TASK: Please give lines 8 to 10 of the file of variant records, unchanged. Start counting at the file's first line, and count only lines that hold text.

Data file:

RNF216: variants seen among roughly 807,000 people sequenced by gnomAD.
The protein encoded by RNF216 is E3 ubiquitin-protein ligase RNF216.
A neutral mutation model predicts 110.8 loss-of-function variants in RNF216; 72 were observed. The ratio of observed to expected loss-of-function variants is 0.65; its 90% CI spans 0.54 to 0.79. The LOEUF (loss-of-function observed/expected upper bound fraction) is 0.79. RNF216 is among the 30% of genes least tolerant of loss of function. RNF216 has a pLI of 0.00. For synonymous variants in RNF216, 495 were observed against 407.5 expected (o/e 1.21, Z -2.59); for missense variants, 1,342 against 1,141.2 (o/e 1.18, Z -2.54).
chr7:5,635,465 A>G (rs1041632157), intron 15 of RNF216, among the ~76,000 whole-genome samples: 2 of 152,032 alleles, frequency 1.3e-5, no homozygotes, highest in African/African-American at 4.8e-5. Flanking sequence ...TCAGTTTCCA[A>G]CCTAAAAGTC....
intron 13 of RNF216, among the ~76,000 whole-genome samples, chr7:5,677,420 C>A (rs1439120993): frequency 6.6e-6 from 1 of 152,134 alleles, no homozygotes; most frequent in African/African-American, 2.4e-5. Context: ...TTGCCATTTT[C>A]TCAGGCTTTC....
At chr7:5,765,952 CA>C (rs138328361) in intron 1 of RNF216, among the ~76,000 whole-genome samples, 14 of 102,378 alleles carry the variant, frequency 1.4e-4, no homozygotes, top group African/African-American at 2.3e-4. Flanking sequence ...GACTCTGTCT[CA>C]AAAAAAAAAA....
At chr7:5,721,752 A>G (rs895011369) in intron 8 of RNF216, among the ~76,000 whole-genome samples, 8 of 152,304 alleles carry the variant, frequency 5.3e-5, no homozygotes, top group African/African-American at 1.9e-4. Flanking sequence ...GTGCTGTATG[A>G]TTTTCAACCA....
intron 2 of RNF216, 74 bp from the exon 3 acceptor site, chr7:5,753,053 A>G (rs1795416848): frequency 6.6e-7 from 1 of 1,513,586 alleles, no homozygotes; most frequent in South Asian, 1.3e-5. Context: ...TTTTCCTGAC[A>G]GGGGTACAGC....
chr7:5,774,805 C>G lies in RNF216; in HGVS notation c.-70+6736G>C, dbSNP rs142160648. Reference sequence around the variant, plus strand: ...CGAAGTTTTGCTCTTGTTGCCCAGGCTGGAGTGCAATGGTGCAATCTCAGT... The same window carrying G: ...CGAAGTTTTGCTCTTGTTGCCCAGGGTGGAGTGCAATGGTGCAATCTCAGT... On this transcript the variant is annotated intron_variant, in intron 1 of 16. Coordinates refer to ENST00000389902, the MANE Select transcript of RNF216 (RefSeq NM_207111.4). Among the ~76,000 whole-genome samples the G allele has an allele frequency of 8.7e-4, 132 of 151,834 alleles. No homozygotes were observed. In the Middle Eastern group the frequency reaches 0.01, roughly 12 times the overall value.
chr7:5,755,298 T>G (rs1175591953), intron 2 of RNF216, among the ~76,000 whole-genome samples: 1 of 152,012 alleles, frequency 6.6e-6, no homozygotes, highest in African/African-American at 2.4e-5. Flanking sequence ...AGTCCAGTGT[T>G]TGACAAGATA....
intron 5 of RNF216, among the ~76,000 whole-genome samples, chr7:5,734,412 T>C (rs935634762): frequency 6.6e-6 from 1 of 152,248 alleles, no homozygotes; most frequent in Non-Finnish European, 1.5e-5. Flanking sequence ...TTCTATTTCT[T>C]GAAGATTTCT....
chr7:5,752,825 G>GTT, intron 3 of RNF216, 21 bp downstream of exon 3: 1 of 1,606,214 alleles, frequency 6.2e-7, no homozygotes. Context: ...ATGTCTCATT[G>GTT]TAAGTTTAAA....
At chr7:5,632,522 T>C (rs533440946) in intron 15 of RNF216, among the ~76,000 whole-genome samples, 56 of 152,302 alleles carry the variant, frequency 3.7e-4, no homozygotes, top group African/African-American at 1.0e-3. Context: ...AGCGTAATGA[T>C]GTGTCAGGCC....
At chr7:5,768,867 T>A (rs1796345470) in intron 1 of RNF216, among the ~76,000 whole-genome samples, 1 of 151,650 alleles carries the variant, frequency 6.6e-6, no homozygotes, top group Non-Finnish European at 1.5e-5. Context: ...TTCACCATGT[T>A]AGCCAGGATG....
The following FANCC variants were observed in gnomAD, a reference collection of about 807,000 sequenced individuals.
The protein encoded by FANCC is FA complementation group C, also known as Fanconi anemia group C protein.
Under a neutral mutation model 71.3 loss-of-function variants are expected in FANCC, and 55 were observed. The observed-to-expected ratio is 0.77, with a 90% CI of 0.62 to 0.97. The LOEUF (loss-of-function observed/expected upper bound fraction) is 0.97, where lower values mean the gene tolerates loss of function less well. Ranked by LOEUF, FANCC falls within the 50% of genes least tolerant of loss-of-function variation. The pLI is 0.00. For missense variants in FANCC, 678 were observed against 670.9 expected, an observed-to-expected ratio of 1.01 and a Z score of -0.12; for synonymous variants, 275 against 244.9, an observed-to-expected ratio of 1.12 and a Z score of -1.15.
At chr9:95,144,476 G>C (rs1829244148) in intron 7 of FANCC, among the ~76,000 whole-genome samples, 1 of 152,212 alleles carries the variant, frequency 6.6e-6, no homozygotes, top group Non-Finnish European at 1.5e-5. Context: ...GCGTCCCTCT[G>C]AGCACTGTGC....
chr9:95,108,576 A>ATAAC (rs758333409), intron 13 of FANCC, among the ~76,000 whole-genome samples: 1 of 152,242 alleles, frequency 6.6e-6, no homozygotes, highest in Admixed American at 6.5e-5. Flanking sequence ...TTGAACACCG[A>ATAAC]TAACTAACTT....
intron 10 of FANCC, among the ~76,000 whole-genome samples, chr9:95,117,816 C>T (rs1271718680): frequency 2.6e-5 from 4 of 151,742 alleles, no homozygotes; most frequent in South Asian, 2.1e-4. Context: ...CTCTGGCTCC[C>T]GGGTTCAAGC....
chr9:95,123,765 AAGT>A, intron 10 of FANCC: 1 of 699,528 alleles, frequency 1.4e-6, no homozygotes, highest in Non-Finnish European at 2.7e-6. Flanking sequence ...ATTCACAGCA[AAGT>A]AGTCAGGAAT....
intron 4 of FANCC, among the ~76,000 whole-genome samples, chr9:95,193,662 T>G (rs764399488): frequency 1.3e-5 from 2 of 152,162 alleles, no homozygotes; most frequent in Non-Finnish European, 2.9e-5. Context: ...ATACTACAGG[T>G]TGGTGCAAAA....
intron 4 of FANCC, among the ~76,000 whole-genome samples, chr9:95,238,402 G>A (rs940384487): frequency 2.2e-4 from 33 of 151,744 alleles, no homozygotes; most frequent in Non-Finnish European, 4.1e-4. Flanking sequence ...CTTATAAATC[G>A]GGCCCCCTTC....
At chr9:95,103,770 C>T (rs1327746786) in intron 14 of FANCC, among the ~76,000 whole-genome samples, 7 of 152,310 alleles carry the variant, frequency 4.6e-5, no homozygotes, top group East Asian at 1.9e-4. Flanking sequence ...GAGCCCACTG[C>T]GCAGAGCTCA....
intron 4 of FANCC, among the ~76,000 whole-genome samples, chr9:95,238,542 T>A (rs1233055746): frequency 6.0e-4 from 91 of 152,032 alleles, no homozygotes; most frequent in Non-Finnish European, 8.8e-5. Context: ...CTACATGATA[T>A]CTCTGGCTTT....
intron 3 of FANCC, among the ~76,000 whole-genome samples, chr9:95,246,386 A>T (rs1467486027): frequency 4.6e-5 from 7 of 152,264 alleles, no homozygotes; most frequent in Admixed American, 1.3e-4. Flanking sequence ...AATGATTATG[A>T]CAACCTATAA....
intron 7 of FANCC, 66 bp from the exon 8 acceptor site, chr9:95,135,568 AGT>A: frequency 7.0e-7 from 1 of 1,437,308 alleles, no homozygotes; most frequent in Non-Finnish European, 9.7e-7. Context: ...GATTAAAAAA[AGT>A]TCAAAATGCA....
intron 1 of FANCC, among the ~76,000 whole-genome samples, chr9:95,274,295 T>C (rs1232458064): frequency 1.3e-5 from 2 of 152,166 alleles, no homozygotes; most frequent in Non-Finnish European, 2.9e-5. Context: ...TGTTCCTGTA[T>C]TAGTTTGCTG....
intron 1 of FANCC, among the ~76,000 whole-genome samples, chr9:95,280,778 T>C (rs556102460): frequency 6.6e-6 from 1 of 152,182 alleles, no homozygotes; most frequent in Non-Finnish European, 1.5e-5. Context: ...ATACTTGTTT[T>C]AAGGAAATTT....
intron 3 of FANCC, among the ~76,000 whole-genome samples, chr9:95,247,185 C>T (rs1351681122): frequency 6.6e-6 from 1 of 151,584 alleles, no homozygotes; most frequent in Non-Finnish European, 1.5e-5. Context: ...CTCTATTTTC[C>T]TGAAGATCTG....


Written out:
intron 2 of RNF216, 74 bp from the exon 3 acceptor site, chr7:5,753,053 A>G (rs1795416848): frequency 6.6e-7 from 1 of 1,513,586 alleles, no homozygotes; most frequent in South Asian, 1.3e-5. Context: ...TTTTCCTGAC[A>G]GGGGTACAGC....
chr7:5,774,805 C>G lies in RNF216; in HGVS notation c.-70+6736G>C, dbSNP rs142160648. Reference sequence around the variant, plus strand: ...CGAAGTTTTGCTCTTGTTGCCCAGGCTGGAGTGCAATGGTGCAATCTCAGT... The same window carrying G: ...CGAAGTTTTGCTCTTGTTGCCCAGGGTGGAGTGCAATGGTGCAATCTCAGT... On this transcript the variant is annotated intron_variant, in intron 1 of 16. Coordinates refer to ENST00000389902, the MANE Select transcript of RNF216 (RefSeq NM_207111.4). Among the ~76,000 whole-genome samples the G allele has an allele frequency of 8.7e-4, 132 of 151,834 alleles. No homozygotes were observed. In the Middle Eastern group the frequency reaches 0.01, roughly 12 times the overall value.
chr7:5,755,298 T>G (rs1175591953), intron 2 of RNF216, among the ~76,000 whole-genome samples: 1 of 152,012 alleles, frequency 6.6e-6, no homozygotes, highest in African/African-American at 2.4e-5. Flanking sequence ...AGTCCAGTGT[T>G]TGACAAGATA....